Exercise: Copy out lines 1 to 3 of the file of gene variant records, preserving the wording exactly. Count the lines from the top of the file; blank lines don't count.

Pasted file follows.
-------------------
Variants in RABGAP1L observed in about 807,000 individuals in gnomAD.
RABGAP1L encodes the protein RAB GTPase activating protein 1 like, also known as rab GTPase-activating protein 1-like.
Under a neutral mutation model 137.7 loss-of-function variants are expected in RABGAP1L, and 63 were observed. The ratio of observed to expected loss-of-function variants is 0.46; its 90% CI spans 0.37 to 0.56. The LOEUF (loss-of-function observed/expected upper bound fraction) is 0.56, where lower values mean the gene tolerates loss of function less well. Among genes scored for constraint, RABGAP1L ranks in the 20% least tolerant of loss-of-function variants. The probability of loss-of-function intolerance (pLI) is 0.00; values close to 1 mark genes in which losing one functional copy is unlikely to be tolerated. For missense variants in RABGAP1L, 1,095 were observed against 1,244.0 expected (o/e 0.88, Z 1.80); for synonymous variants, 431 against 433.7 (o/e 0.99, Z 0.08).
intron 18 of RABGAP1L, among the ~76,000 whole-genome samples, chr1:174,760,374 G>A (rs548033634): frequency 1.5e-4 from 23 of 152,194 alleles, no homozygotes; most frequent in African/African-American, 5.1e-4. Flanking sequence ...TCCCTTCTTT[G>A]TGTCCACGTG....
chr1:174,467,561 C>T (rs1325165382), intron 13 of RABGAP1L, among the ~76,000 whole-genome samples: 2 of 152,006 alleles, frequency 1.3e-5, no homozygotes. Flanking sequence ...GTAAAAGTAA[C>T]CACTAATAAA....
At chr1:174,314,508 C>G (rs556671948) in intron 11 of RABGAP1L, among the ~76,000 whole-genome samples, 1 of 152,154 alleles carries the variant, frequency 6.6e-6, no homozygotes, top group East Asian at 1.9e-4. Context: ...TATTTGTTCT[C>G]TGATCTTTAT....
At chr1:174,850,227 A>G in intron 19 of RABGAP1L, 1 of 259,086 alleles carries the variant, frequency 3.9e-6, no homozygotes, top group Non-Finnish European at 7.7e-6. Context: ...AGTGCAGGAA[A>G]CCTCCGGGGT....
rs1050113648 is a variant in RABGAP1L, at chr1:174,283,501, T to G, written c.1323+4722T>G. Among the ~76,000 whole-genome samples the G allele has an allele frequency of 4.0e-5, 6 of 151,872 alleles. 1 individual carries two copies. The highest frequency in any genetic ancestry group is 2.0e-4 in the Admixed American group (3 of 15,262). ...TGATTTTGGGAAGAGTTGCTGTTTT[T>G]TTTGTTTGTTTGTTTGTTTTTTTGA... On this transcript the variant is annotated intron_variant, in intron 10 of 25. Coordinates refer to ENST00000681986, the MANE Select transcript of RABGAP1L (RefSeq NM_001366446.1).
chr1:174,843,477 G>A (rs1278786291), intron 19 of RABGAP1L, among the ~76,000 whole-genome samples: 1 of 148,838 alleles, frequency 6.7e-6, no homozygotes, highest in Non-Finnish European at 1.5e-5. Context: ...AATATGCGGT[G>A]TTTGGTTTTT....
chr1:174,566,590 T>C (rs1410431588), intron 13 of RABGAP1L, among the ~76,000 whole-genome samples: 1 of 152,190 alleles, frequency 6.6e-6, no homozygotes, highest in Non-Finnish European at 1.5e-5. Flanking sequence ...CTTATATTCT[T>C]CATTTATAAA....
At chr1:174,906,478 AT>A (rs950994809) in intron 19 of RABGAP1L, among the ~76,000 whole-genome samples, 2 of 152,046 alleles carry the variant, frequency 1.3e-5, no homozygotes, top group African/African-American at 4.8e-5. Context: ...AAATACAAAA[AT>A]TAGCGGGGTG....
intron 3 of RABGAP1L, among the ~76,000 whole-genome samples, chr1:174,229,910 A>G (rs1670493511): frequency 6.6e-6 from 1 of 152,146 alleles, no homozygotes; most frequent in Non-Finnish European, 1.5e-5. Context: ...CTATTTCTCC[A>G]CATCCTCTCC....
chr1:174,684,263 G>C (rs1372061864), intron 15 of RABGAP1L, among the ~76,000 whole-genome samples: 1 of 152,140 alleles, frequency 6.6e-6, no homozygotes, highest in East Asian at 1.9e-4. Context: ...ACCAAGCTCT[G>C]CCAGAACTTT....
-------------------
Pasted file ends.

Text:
Variants in RABGAP1L observed in about 807,000 individuals in gnomAD.
RABGAP1L encodes the protein RAB GTPase activating protein 1 like, also known as rab GTPase-activating protein 1-like.
Under a neutral mutation model 137.7 loss-of-function variants are expected in RABGAP1L, and 63 were observed. The ratio of observed to expected loss-of-function variants is 0.46; its 90% CI spans 0.37 to 0.56. The LOEUF (loss-of-function observed/expected upper bound fraction) is 0.56, where lower values mean the gene tolerates loss of function less well. Among genes scored for constraint, RABGAP1L ranks in the 20% least tolerant of loss-of-function variants. The probability of loss-of-function intolerance (pLI) is 0.00; values close to 1 mark genes in which losing one functional copy is unlikely to be tolerated. For missense variants in RABGAP1L, 1,095 were observed against 1,244.0 expected (o/e 0.88, Z 1.80); for synonymous variants, 431 against 433.7 (o/e 0.99, Z 0.08).